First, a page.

One significant advantage of cool mist humidifiers is that they do not require a heating element, making them generally safer and more energy-efficient.

What Is a Dehumidifier?

Dehumidifiers are designed to decrease the moisture in the air. These devices are commonly used in the summer when the air is warm and humid. The two most popular dehumidifier styles are:


A refrigerant dehumidifier uses much of the same process as your fridge at home. The refrigeration process cools a metal plate on which moisture from the air condenses. A fan constantly draws the room air through the dehumidifier and over the cool metal plates. Over time, more of the moisture condenses onto the plate and drips into the dehumidifier’s water tank.


Desiccant dehumidifiers absorb water from the air. During the rotation cycle, a proportion of the wheel passes through a stream of warm air, which reactivates the desiccant by driving off the moisture. This condensed water is then collected in the dehumidifiers collection tank or automatically drained out via a tube from the back of the unit to the outside.

High humidity can trigger allergic reactions and contribute to ongoing allergies. Humidity levels above 50 percent can breed dust mites, mildew, and mold, triggering allergies or other health problems. High humidity makes it easier for molds to reproduce, allowing them to appear virtually anywhere and damage whatever they grow on.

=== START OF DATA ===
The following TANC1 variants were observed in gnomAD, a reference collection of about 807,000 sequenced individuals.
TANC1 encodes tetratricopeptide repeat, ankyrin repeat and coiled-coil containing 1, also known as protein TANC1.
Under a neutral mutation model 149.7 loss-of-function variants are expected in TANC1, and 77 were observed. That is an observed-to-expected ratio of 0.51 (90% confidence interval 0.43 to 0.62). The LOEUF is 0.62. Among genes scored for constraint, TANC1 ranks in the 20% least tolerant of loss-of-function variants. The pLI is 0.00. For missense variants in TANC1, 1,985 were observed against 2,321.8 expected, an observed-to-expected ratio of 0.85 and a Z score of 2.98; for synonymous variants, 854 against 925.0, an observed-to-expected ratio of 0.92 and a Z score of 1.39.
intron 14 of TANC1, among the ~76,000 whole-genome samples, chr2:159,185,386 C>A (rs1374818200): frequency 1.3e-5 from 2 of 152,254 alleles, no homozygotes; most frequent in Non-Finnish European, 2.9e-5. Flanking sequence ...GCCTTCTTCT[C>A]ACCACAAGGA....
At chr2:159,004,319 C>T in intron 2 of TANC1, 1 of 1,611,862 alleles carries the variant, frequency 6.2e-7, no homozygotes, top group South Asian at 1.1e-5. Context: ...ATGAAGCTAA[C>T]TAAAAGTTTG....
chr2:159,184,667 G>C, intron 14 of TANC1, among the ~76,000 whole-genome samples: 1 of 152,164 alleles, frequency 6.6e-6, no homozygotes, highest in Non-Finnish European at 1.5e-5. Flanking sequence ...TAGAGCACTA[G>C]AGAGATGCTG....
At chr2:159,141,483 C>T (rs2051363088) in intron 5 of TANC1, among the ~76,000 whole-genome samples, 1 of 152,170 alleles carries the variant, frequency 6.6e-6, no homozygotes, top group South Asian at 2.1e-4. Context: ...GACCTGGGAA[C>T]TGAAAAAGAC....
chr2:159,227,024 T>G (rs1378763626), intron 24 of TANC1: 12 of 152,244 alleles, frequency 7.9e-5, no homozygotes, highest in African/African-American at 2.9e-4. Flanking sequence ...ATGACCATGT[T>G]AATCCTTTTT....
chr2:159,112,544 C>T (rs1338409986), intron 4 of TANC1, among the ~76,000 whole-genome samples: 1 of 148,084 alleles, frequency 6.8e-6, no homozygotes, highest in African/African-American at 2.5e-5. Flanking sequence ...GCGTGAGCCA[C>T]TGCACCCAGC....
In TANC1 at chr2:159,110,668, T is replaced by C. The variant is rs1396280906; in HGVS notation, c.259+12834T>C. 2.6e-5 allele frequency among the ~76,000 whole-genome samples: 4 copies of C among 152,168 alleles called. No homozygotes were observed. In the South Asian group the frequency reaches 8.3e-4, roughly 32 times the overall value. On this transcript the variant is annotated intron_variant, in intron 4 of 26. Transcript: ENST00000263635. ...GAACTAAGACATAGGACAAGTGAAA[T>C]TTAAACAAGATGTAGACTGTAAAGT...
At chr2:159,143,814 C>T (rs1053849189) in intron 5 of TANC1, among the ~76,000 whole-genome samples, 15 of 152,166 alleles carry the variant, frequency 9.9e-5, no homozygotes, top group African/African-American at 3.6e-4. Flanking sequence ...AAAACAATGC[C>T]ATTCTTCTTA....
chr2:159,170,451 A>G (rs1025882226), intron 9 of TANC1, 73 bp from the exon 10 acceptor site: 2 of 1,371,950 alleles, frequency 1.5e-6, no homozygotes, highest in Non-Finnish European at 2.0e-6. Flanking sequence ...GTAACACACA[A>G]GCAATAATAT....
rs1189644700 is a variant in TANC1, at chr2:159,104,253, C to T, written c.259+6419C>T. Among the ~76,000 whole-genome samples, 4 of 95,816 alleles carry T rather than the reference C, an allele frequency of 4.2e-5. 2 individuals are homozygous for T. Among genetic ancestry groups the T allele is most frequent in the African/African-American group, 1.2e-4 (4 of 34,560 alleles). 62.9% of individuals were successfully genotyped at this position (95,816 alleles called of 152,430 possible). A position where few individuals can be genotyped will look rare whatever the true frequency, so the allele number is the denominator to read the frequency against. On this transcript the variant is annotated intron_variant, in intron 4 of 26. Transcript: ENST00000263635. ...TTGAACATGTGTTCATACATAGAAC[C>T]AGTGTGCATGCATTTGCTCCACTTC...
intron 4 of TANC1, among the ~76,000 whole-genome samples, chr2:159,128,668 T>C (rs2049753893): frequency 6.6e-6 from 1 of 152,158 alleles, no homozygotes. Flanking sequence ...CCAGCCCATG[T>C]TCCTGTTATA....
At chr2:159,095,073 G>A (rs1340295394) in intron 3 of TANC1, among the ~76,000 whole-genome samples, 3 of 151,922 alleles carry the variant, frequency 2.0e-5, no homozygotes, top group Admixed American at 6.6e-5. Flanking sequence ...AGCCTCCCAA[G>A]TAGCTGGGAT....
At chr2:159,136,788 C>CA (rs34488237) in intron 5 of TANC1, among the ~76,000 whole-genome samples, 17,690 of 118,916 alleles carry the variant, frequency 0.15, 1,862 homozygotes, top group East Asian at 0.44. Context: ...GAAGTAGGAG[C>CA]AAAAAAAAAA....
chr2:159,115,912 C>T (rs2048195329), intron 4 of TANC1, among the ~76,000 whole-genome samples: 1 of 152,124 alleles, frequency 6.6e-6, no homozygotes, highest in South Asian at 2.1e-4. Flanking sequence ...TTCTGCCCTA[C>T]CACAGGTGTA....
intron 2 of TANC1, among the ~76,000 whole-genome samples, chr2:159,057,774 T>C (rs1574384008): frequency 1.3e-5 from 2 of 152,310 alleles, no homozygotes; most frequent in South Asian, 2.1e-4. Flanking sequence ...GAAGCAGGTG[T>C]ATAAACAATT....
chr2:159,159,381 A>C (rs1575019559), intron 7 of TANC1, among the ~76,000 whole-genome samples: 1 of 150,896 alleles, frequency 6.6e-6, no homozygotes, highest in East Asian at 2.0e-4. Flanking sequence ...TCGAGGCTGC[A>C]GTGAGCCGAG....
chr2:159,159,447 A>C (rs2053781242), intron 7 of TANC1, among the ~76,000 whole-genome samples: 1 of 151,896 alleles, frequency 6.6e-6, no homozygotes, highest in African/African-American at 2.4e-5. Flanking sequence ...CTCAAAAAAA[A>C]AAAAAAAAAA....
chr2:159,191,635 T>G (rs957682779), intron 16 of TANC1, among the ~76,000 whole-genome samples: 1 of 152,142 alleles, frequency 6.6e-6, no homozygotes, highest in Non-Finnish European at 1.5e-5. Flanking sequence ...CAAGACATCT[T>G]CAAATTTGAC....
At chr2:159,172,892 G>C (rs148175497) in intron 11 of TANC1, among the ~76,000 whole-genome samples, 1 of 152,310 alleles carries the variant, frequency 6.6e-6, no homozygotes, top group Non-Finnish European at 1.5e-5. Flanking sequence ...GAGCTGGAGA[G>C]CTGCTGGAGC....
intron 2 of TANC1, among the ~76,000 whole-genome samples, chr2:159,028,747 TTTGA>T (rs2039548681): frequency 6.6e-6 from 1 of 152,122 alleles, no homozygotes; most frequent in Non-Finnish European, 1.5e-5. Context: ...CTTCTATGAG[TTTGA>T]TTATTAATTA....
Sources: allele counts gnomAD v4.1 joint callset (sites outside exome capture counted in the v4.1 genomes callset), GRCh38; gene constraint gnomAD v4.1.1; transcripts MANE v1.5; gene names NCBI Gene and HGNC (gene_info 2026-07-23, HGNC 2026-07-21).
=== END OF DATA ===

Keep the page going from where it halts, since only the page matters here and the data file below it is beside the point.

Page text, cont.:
Whole-house dehumidifiers can help control the level of moisture in the air. Most people feel comfortable when the relative humidity in their home is between 35 and 50 percent.

Do I Need a Humidifier or Dehumidifier For My Home?

There are many factors that go into whether you need a humidifier or a dehumidifier for your home. One of the biggest factors is the location of your home. Depending on where you live, or even depending on the time of year, your home will often be too dry or too humid. If you notice your skin is dryer or you are experiencing dry skin or allergies, you may need a humidifier in your home. If you are experiencing significant moisture levels in your home, then a dehumidifier is right for your home. 

Having both a humidifier and a dehumidifier makes for an excellent balance of keeping your household in the best possible living conditions. They will also prevent you from experiencing health issues, which is even more important. 

Improve Indoor Air Quality Today

Personal health must be a top priority for everyone. Is your home equipped with the right appliances to ensure you can safely live in your home? If you are finding your home is either too humid or too dry, do not hesitate to call a trusted indoor air quality professional to help you find the humidifier or dehumidifier that is right for you and your home.

Home Comfort Experts offers fast and reliable humidifier and dehumidifier installation, repair, and maintenance services in Indiana and Michigan. Contact us at (574) 319-9241 to learn about our heating, air conditioning, and indoor air quality services.